Virginia state legislator insists he should be able to discriminate against LGBT people legally

Dave LaRock

Virginia Del. Dave LaRock Courtesy

The Virginia House Democratic Caucus has released a statement condemning their Republican colleague for his anti-transgender comments.

Delegate Dave LaRock was quoted by the Winchester Star as saying he would find it “very disturbing” if a trans person was permitted to teach a kindergarten class, because he believes they have a mental disorder, and that they should not be put into “role-model positions” in schools.

“As Democrats, we believe in opportunity for everyone, no matter who you are or where you’re from,” said House Democratic Leader David J. Toscano and Caucus Chair Charniele Herring. “We strongly condemn Delegate LaRock’s divisive and discriminatory remarks about transgender Virginians.”

“Views like his are exactly why we must pass legislation that would bar discrimination against the LGBTQ community in the workplace and in housing. Unfortunately, Delegate LaRock’s Republican colleagues killed four bills last week that would have done exactly that. We will continue to fight for a fairer and more inclusive Virginia.”

“The people of Virginia need their legislators to focus on core quality of life issues like traffic, jobs, schools and health care, instead of singling out and stigmatizing the people they were elected to serve,” said Delegate Danica Roem, the first openly-transgender person elected to serve in a state legislature.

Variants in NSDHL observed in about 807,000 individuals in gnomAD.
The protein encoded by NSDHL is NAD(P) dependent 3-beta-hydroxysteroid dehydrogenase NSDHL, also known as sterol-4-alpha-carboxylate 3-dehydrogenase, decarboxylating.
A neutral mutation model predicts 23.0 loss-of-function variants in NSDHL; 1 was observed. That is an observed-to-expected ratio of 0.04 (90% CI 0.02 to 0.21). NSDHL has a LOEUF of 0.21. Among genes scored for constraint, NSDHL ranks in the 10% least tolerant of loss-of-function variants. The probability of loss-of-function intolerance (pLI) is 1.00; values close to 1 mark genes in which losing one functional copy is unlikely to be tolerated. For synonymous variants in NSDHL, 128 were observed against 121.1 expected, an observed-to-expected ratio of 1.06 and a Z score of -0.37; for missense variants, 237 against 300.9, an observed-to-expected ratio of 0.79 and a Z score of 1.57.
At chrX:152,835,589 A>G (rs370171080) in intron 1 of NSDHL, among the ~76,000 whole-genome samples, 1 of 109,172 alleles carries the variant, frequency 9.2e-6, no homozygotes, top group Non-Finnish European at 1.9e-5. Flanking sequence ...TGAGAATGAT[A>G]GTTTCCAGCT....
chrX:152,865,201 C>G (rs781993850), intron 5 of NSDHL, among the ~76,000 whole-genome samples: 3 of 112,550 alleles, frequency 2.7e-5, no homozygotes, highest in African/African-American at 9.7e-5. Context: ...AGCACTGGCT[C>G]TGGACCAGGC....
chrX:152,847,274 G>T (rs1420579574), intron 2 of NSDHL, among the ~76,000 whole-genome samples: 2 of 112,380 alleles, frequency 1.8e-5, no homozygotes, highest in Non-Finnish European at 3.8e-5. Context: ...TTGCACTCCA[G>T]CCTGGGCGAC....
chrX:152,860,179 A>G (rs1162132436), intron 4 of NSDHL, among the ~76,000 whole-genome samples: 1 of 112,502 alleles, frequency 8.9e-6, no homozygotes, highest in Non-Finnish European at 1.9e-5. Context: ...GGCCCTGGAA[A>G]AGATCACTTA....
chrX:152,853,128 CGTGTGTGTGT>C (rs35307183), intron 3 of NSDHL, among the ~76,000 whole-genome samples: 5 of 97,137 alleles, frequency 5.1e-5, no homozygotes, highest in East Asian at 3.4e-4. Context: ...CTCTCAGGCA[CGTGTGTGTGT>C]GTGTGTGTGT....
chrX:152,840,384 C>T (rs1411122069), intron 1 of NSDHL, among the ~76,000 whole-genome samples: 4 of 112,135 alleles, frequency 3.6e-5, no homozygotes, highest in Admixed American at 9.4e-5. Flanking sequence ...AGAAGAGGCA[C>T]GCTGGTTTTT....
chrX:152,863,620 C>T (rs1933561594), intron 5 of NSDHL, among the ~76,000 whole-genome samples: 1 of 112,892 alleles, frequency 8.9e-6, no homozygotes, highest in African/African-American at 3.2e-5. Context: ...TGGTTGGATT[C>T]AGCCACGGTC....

“I hope that in 2018 when our House of Delegates has a chance to make Virginia a more inclusive Commonwealth that we celebrate, respect and welcome our constituents who we work to serve without denigrating who they are or who they were born to be. I hope my presence here in the House of Delegates shows Virginians of all stripes that we can succeed because of who we are, not despite it, or for what discriminatory politicians tell us what we’re supposed to be.”

danica roemFacebook

Danica Roem

“I find it shameful that in this great commonwealth, people in professions like teaching may have to hide their identity of fear of being fired. What does that say to our students, what does that say to our community, and most importantly, what does it say to that teacher? This is not a Virginia that I want to live in, that millennials want to live in, and that the majority of Virginians want to live in,” said Delegate Schuyler VanValkenburg, himself a public school teacher, on the House floor. “Let’s do better.”

In that same interview with the Winchester Star, LaRock argued against housing protections for LGBTQ people.

“If you create a right for people on the basis of their sexual behaviors, then you are taking away the right of someone like me or someone else whom might want to rent to say, ‘I choose not to rent the place that I have to homosexuals,'” LaRock said.

“I’m not condoning any kind of abusive treatment to someone who chooses that kind of behavior. I just don’t think it’s the government’s place to say I have to ignore that behavior.”

Virginia currently offers no protections in housing to the LGBTQ community, as the state’s Fair Housing Law does not include sexual orientation and gender identity as recognized classes for prohibited discrimination.

In 2016, LaRock wrote a letter to the editor criticizing a resolution to recognize Pride Month in Loudoun County, saying it “promotes homosexuality and gender confusion to people of all ages” and could be “used to promote, affirm and recruit young school-aged children to those lifestyles.” It ended up failing.

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